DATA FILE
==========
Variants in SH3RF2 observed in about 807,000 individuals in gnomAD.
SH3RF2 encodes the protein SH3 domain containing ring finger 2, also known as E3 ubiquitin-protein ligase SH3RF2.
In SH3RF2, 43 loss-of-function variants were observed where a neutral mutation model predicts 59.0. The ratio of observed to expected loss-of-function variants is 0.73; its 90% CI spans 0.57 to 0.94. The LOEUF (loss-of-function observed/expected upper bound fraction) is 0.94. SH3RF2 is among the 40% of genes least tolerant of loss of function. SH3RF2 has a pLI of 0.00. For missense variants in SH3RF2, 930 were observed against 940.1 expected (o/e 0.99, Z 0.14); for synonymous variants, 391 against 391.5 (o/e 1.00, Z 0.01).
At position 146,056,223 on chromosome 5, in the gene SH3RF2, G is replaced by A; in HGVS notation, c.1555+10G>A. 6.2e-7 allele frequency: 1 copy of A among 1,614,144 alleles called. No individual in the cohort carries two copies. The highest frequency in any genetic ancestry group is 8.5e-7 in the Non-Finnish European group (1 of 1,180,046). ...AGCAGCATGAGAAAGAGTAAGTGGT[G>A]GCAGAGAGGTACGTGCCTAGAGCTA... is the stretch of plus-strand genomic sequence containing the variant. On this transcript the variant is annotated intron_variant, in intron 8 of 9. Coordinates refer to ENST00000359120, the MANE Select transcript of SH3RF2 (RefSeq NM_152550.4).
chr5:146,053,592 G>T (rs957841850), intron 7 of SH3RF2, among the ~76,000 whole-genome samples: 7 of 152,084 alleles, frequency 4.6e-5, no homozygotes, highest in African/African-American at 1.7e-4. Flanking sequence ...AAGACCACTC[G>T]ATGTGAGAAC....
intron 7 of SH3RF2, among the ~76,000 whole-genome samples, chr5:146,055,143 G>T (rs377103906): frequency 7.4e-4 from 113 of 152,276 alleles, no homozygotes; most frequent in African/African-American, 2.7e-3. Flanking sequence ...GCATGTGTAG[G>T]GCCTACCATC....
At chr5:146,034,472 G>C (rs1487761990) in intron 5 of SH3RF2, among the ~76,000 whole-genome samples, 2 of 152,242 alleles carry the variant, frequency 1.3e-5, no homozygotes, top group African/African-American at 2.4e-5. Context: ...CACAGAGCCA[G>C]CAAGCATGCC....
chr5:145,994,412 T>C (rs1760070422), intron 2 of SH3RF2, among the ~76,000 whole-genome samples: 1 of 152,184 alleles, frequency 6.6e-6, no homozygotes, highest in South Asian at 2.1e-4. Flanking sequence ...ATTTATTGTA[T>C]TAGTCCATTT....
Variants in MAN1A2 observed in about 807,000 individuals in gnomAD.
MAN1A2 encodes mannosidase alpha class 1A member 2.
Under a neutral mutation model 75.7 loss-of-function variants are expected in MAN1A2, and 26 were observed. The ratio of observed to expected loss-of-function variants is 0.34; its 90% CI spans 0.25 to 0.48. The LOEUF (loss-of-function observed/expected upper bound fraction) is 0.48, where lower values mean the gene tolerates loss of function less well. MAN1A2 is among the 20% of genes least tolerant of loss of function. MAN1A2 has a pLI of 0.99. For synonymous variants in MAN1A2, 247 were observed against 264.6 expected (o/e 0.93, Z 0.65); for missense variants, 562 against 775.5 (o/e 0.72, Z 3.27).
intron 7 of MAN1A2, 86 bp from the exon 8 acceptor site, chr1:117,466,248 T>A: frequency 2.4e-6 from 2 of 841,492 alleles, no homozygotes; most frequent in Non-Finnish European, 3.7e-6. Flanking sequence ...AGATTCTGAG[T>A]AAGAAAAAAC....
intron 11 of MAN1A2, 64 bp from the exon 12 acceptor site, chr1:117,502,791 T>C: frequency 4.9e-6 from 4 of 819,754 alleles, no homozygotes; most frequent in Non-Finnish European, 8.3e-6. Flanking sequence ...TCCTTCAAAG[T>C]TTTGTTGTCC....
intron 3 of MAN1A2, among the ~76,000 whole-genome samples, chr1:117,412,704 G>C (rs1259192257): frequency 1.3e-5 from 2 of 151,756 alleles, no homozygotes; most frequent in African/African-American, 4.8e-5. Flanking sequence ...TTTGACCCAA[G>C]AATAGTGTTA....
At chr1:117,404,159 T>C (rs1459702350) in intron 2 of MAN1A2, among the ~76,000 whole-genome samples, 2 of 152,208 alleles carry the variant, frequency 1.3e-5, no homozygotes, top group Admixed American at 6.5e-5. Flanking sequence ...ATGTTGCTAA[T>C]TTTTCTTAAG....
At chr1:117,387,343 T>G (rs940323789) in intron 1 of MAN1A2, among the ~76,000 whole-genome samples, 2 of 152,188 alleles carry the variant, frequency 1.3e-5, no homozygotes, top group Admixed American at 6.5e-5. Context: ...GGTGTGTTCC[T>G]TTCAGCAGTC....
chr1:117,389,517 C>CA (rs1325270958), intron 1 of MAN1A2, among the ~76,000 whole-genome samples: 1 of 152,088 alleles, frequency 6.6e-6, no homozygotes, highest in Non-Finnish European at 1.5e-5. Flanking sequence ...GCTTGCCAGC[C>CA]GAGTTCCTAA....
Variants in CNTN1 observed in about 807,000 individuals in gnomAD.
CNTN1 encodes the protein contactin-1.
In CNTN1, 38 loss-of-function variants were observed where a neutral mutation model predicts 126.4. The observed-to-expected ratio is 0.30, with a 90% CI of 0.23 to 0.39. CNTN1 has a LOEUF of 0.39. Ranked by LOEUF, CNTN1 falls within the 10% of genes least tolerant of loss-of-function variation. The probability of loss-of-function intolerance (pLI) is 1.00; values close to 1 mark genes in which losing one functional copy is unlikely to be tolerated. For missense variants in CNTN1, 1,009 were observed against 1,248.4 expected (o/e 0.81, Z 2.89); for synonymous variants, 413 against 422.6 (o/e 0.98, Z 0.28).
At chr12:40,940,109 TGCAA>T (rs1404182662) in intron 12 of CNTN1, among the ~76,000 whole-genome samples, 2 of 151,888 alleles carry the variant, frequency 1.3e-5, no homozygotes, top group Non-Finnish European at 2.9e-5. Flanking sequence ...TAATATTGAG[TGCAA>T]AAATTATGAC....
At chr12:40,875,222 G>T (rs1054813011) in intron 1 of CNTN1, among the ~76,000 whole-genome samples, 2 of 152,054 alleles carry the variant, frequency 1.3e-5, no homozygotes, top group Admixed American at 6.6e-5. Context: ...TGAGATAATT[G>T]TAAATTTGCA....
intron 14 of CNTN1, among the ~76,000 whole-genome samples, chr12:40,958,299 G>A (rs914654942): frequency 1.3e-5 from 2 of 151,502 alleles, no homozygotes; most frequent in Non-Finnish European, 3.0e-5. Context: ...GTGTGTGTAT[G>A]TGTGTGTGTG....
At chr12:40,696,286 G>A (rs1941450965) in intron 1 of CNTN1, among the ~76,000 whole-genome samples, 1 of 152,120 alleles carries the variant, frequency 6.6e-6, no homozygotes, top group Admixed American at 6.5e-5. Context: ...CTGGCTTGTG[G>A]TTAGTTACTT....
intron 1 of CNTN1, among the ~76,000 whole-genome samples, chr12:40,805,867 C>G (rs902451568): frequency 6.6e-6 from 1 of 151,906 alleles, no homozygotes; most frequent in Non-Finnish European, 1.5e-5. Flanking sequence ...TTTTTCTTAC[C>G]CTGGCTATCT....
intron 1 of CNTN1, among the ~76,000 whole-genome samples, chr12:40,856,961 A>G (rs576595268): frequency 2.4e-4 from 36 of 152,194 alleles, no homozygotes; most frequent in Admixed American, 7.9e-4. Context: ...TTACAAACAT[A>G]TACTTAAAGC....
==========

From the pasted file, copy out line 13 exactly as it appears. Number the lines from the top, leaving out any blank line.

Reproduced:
intron 11 of MAN1A2, 64 bp from the exon 12 acceptor site, chr1:117,502,791 T>C: frequency 4.9e-6 from 4 of 819,754 alleles, no homozygotes; most frequent in Non-Finnish European, 8.3e-6. Flanking sequence ...TCCTTCAAAG[T>C]TTTGTTGTCC....